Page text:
I was particularly excited about Bordetella Pertussis while I was undergoing some research on microbes. It is a small gram negative bacterium with many virulence factors (ability to cause disease). It lives in the mouth, nose, throat and trachea, and it is a very sneaky disease which confuses most of us with common cold symptoms. People mostly sit down at home and let this microbe makes severe cases out of their kids, so we have to learn to avoid regular doctor visits.
Bordetella Pertussis is a bacteria that causes Pertussis, it is also known as whooping cough. Pertussis is a highly contagious disease of the respiratory tract. Many who contract pertussis have coughing spells that last four to eight weeks. The disease is most dangerous in infants and spreads easily from child to child, mainly through droplets produced by coughing or sneezing.
The first symptoms generally appear 7–10 days after infection, and include mild fever, running nose , sneezing and cough, which in typical cases gradually develops into a paroxysmal cough (sudden attack of cough) followed by whooping (hence the common name of whooping cough), often with vomiting and cyanosis (abnormal blue coloration). In the youngest infants, the paroxysms may be followed by periods of apnoea (temporary seizure of breathing). Pneumonia is a relatively common complication; seizures and encephalopathy (abnormal brain function) occur more rarely. Also malnutrition and dehydration occurs due to vomiting.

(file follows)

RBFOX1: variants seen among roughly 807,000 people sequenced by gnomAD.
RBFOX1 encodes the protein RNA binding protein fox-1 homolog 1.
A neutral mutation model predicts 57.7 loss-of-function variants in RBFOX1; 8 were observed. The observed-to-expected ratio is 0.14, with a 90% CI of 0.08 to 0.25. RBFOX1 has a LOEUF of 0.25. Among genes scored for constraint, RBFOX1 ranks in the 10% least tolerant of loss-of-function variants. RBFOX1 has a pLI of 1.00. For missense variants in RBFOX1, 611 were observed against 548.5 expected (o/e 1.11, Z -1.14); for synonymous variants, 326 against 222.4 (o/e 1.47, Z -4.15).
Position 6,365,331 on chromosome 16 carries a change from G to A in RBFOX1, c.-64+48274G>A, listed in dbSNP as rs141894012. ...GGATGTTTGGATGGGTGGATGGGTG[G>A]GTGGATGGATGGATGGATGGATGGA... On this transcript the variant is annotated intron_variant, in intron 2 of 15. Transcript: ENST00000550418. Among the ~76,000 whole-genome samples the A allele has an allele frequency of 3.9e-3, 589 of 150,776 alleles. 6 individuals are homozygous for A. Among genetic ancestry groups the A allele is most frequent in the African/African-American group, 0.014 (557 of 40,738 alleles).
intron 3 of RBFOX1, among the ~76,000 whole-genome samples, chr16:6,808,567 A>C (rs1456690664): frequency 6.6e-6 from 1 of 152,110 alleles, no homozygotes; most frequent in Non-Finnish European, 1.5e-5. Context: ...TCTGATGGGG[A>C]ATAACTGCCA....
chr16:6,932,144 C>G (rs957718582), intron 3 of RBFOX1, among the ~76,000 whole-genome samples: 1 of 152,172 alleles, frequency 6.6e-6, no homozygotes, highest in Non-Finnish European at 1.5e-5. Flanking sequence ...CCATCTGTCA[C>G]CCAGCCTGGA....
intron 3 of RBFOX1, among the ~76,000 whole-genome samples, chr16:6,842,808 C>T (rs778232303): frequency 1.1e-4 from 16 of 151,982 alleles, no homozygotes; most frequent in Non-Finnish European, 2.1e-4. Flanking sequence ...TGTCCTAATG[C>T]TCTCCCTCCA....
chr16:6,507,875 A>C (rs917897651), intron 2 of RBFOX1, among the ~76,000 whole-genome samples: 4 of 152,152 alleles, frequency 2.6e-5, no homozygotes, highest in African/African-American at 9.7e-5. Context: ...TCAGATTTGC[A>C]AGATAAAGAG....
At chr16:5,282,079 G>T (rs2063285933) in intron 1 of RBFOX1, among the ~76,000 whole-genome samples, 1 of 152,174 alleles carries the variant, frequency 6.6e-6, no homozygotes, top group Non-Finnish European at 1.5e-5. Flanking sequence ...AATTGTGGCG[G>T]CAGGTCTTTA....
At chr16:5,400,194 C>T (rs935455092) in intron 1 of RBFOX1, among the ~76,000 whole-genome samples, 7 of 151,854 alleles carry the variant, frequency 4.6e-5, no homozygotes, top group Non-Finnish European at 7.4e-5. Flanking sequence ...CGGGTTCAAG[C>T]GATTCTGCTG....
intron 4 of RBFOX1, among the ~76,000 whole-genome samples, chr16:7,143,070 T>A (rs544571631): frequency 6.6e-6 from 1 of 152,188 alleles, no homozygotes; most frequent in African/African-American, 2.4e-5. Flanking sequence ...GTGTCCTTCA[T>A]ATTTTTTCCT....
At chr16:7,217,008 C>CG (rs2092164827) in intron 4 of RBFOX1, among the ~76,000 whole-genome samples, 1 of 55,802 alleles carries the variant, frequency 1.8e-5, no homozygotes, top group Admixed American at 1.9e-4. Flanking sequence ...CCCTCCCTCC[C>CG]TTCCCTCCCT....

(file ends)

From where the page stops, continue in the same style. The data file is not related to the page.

Untreated patients of pertussis may be contagious for three weeks or more following onset of the cough. It is transmitted mainly by airborne droplets from the respiratory mucous membranes (mouth, nose and throat) of infected individuals.
Pertussis is generally treated with antibiotics and early treatment is very important. Treatment may make the infection less severe if it is started early, before coughing begins.
Pertussis can be prevented by immunization. The vaccines are mostly administered intramuscularly; also isolation of patients is needed during treatment to reduce transmissions. Hospitals are encouraged to vaccinate health-care workers, particularly maternity and paediatric staff.
Asmau Ahmad is a young female microbiologist and leaves in Kano, Nigeria. She can be reached via firstname.lastname@example.org